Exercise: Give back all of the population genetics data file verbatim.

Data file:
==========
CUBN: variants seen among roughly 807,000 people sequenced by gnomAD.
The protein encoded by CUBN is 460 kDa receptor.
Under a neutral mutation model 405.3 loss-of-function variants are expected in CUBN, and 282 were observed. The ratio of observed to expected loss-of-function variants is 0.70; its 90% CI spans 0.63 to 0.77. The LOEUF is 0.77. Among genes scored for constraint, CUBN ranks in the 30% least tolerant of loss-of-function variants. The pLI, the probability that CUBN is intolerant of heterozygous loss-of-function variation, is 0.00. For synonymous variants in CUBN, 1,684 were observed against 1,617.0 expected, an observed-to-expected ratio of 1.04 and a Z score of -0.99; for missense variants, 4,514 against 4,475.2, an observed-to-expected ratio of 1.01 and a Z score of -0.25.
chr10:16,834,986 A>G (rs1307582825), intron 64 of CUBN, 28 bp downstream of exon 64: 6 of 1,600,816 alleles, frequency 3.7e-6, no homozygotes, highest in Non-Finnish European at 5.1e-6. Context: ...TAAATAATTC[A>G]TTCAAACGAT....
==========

CUBN: variants seen among roughly 807,000 people sequenced by gnomAD.
The protein encoded by CUBN is 460 kDa receptor.
Under a neutral mutation model 405.3 loss-of-function variants are expected in CUBN, and 282 were observed. The ratio of observed to expected loss-of-function variants is 0.70; its 90% CI spans 0.63 to 0.77. The LOEUF is 0.77. Among genes scored for constraint, CUBN ranks in the 30% least tolerant of loss-of-function variants. The pLI, the probability that CUBN is intolerant of heterozygous loss-of-function variation, is 0.00. For synonymous variants in CUBN, 1,684 were observed against 1,617.0 expected, an observed-to-expected ratio of 1.04 and a Z score of -0.99; for missense variants, 4,514 against 4,475.2, an observed-to-expected ratio of 1.01 and a Z score of -0.25.
chr10:16,834,986 A>G (rs1307582825), intron 64 of CUBN, 28 bp downstream of exon 64: 6 of 1,600,816 alleles, frequency 3.7e-6, no homozygotes, highest in Non-Finnish European at 5.1e-6. Context: ...TAAATAATTC[A>G]TTCAAACGAT....